Election day post
I will be participating in the liveblogging over at Unheard Voice. This quick post is just for the record.
I don’t actually have much election memories in Bangladesh. I remember the presidential election of 1981 — TV was on during the day, a rarity in those days of single, mostly black and white, TV channel. In 1986 I remember my family members being extremely agitated — like most urban middle class families, mine was split in the middle about that election. In 1991, chicken pox meant I was behind a mosquito net when most my friends were out in the street canvassing (overwhelmingly for dhaner sheesh). I was overseas in 1996, and didn’t care much for Bangladeshi politics. In 2001, I did care about politics. I thought that election was a milestone in our politics. One side finished its five year term without a political crisis, the other side was the first one to use modern campaign tactics like voter arithmetic instead of traditional ones like andolon. Unfortunately, I couldn’t be in Dhaka during the election week.
This blog came about at a time when our democracy looked to be under a long term suspension. With this election, regardless of the result, the immediate threat to our democracy will have passed. However, the fight for liberty — mukti — will continue after the election. Meanwhile, I will never forget the festive atmosphere I saw today. Regardless of the results, tomorrow will be a better day.
I wish AL gets a comfortable, but not overwhelming, majority so that it doesn’t have to depend on JP to form the government. About 160 seats should suffice. This would mean AL could withstand any calls for an NSC or other such arrangements. It will also have enough strength to push through a progressive agenda (and if it doesn’t do so, progressives should call them for it).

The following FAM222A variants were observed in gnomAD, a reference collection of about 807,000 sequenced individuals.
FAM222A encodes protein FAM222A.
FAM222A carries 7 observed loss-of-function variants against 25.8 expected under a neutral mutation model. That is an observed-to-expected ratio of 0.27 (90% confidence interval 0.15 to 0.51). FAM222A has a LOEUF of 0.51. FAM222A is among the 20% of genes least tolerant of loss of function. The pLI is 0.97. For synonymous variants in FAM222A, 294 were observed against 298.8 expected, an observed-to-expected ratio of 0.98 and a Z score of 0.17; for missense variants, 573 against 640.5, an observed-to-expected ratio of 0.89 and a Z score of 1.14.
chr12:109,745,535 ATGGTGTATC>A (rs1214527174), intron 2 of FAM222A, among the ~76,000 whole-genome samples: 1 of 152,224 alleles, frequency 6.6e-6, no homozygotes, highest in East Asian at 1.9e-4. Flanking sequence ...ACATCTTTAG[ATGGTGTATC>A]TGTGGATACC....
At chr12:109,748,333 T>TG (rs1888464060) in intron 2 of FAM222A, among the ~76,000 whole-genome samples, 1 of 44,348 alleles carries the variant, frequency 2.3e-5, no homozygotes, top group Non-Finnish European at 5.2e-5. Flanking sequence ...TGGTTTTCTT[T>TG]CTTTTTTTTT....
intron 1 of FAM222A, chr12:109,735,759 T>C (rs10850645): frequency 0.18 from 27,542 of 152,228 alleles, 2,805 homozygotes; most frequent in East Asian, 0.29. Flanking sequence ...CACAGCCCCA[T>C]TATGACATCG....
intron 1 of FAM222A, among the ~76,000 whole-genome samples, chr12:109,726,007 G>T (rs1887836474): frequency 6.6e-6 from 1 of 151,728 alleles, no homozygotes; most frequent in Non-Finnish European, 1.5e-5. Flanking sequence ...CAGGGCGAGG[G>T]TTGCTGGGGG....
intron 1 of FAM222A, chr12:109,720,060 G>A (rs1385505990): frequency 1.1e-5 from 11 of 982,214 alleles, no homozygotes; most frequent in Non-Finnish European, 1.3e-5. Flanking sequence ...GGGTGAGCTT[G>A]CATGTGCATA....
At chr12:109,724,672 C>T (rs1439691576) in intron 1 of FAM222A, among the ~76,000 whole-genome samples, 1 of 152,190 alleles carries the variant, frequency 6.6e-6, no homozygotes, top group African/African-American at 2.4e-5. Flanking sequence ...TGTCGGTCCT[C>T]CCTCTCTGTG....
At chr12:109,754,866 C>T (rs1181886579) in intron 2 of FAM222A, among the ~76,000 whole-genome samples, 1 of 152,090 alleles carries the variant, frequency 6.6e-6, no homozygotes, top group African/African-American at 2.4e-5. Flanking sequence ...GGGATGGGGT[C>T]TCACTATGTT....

I also wish BNP gets a sizeable number of seats — at least 110 — so that Mrs Zia has a platform to rebuild the centre-right politics from. I have been very disappointed with most of BNP campaign, which has been, until very end, full of demgoguery and 60 year old identity politics. However, Mrs Zia’s Paltan speech was both a political masterstroke, and a reason to be hopeful about BNP’s future.
If these numbers come through, then there will be only 20-25 seats for JP and JI. It would be great for these parasitic parties to wither away.
I fear BNP’s negative campaign and Mrs Zia’s speech, coupled with AL complacency and infighting, will result in a hung parliament, or possibly a BNP-JI victory. A hung parliament means more army/foreign meddling — regular readers would know my views on that. Regular readers wouldn’t necessarily know that I used to argue that the 2001 election result was a good outcome for the country. I don’t argue that any more. I was wrong — BNP-JI rule speaks for itself. If they are re-elected without any evidence of improvement, I think it will lead to an even worse government than the last one. And if AL loses, I fear they will return to the politics of confrontation.
In our first past the post system, a 5% margin in terms of votes can lead to a lopsided parliament. It is quite possible that AL-JP will get 45-50% of votes against BNP-JI’s 40-45%, and this could well result in an AL-JP 2/3rds majority. If that happens, past records don’t augur well for an AL brute majority.